Basil Champneys.

Memoirs and correspondence of Coventry Patmore (Volume 2) online

. (page 24 of 36)
Online LibraryBasil ChampneysMemoirs and correspondence of Coventry Patmore (Volume 2) → online text (page 24 of 36)
Font size
QR-code for this ebook

Elwes, a girl about twenty-one living in the next village to
my Father and the Turners ? My sister knows her well and
likes her. But I am wandering a long way from what I
meant to have said. Our hearty congratulations to Mr.
Patmore and yourself on your having recovered so far, and
most sincere wishes that you may soon be perfectly restored.
I am very glad Mr. Patmore likes the bust so much. It
is really delightful. Mr. Woolner should reap something of
his due meed of praise, as he is doing ; I only hope something
more may come to him.

I cannot write more than our love and best wishes,

Most sincerely yours,

Emily Tennyson.

The next two letters refer to the work which Mrs.
Patmore was doing in copying at the British Museum
material for the "Idylls of the King" (see vol. i.,
pp. 178-179). The first letter was probably written
shortly after the Patmore's visit to Sir John and
Lady Simeon in 1857 (see vol. i., p. 156).

Nov. 6th, [1857].
My Dear Mrs. Patmore,

I cannot bear to think of Mr. Patmore and yourself
toiling away for us. I do hope we may get a copy of

Tennyson's sister.


Geraint ap yErbyn, and so stop you. It is the Elegy on
Geraint Ally wants, you know. You speak as if there were
several Elegies that you are copying. I hope not. How
are you both now? We have the same continuance of
splendid weather, only colder.

The Simeons spent Monday evening with us alone and
much we enjoyed having them. They were as well pleased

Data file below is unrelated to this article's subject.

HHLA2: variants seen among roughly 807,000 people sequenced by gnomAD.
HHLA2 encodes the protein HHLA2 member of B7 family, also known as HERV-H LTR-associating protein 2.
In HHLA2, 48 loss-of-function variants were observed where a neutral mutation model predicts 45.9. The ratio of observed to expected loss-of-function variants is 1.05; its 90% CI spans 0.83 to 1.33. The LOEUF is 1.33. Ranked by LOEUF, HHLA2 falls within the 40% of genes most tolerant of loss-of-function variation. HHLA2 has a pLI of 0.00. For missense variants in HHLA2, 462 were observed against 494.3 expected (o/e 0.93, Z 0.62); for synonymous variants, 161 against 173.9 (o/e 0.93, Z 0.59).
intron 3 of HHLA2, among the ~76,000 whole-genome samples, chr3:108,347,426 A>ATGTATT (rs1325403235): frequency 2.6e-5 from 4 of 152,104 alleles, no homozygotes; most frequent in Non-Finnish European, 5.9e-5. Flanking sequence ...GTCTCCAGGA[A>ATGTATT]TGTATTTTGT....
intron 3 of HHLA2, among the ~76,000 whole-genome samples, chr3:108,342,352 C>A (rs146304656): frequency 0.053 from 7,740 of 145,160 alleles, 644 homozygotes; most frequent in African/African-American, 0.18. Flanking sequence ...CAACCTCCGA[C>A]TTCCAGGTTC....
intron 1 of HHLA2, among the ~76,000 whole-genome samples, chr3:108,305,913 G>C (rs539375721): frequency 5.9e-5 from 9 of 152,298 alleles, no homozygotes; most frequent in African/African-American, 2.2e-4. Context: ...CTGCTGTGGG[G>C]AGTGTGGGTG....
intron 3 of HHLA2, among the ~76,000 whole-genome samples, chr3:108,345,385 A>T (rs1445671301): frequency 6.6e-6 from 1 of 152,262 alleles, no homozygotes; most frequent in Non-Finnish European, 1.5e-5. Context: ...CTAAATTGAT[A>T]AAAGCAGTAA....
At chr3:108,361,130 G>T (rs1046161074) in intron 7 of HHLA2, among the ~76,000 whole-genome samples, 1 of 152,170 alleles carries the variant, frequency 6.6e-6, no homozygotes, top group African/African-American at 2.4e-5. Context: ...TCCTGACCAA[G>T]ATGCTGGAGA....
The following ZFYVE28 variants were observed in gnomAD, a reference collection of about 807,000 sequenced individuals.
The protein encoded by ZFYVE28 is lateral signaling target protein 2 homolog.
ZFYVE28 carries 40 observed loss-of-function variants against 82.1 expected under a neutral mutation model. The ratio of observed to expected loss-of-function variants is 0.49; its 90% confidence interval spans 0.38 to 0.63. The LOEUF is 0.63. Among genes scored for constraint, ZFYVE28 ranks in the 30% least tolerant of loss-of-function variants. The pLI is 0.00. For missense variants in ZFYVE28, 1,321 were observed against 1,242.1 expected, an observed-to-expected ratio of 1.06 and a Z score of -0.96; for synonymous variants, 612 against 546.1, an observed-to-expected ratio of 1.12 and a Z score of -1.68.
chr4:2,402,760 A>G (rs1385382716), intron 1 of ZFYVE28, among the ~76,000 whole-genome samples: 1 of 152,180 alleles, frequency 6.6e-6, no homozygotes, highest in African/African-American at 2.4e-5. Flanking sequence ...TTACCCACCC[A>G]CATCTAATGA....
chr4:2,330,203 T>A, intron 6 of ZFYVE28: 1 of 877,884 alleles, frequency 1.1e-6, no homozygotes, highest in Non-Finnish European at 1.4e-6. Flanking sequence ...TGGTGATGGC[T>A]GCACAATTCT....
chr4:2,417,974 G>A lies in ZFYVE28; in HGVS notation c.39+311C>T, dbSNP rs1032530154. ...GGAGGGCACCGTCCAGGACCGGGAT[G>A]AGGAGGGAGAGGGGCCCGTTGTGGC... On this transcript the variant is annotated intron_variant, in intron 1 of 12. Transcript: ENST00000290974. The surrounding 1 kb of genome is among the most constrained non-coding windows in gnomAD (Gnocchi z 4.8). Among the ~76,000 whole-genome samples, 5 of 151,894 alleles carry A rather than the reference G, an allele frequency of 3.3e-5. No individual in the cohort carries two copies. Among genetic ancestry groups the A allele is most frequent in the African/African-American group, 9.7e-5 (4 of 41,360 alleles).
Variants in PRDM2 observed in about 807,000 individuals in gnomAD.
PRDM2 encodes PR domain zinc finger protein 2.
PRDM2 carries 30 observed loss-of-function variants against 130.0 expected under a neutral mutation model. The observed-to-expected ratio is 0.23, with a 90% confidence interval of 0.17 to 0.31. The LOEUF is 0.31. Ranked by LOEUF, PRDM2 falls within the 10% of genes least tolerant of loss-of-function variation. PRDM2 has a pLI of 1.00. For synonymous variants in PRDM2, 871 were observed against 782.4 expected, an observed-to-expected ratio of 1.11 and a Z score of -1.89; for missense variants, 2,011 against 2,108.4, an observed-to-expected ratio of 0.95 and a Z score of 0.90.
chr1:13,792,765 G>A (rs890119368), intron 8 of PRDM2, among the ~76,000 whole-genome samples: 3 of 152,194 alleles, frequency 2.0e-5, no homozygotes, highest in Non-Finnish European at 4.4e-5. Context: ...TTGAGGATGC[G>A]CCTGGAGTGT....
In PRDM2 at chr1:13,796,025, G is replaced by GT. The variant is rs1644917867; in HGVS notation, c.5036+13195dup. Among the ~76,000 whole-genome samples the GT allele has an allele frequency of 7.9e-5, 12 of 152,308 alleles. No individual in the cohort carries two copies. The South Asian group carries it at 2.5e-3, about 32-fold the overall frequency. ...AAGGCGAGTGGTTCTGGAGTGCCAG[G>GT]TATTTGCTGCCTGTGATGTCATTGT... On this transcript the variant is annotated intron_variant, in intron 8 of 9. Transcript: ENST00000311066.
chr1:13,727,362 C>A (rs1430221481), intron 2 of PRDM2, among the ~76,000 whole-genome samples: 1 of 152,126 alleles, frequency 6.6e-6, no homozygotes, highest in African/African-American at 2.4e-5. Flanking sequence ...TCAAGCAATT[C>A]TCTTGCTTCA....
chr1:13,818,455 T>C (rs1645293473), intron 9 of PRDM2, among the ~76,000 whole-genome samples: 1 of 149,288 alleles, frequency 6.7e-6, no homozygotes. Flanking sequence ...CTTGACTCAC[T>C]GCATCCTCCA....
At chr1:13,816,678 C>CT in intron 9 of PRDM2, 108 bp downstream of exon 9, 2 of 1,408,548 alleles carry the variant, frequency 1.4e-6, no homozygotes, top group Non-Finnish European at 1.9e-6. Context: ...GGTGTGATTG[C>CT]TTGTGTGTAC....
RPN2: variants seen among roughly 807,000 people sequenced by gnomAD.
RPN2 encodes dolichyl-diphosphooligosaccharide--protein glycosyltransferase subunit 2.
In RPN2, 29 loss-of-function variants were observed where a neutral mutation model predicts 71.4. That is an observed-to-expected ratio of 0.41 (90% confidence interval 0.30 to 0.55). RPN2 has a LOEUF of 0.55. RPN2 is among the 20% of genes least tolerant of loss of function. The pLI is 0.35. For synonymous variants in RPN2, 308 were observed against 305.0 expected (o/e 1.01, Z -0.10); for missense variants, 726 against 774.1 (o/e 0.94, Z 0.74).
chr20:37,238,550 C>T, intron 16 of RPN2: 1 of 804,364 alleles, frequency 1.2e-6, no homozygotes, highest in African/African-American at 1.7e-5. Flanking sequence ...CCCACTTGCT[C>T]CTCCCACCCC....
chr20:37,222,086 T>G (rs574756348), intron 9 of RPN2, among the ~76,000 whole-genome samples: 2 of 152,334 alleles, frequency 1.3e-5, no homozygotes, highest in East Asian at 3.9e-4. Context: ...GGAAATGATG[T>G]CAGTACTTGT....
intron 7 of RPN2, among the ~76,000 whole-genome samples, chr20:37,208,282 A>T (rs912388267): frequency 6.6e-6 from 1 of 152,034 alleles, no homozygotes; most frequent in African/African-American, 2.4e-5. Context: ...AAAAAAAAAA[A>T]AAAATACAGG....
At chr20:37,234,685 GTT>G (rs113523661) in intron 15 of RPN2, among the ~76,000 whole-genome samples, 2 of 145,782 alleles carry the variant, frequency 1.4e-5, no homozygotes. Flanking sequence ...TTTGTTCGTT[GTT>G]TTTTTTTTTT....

with you as you with them, which was very pleasant hearing.

Pray, pray do not over-work yourselves. You belong to
each other and your children first of all remember, and you
have both a great deal to do of your own work. All kindest
remembrances and best wishes from us both.

Most sincerely yours,

Emily Tennyson.

Nov. 8th, [1857].

My Dear Mr. and Mrs. Patmore,

Accept our best thanks for the Elegies so beautifully
written. Directly we are alone we hope to begin studying
it ; at present Dr. and Mrs. Mann are with us, and we have
no opportunity. I shall write or get Ally to write the
history of your having done it, for it seems to me a proof of
friendship worthy of record in these days. I am writing in
the midst of talk ; but I will not let a post go without some

Our kindest remembrances to you both,

Most sincerely yours,

Emily Tennyson.

Most of the following letters from Carlyle were
published in the "Athenaeum" of July 17, 1886.
The first, containing Carlyle's encomium on "Tamer-
ton Church Tower," is alluded to in vol. i., p. 114;
the second, referring to the "Betrothal," the first
instalment of the "Angel," is summarised in a letter
from Patmore's first wife to Mrs. Gemmer, printed
vol. i., p. 167. It is clear from a letter of Patmore's
to Rossetti, printed vol. i., p. 87, that Carlyle had
read the Odes, and though he seems to have given


their author no opinion of them in writing, probably
because their personal intercourse was at that time
frequent, it may be inferred (see vol. i., p. 281) that
his judgment of them was not less favourable :


7 June, 1853.
My Dear Sir,

Accept many thanks for the beautiful little volume
you sent me. I have read " Tamerton Church " and had
surely no difficulty in detecting a great deal of fine poetic
light, and many excellent elements of valuable human
faculty, in that delicate and brilliant little piece ; nor am I
so intolerant as to give such qualities a stingy welcome on
account of the vehicle they come in ! I am glad of such in
any vehicle. Nor in fact (except for my own private use)
do I take upon me to prescribe, or forbid, any particular
kind of vehicle for them. Go on, and prosper, in what
vehicle yon find, after due thought, to be the likeliest for

For the rest, I hope you mean to come and see me again.
I am often at home in the evenings : 7 o'clock, or a little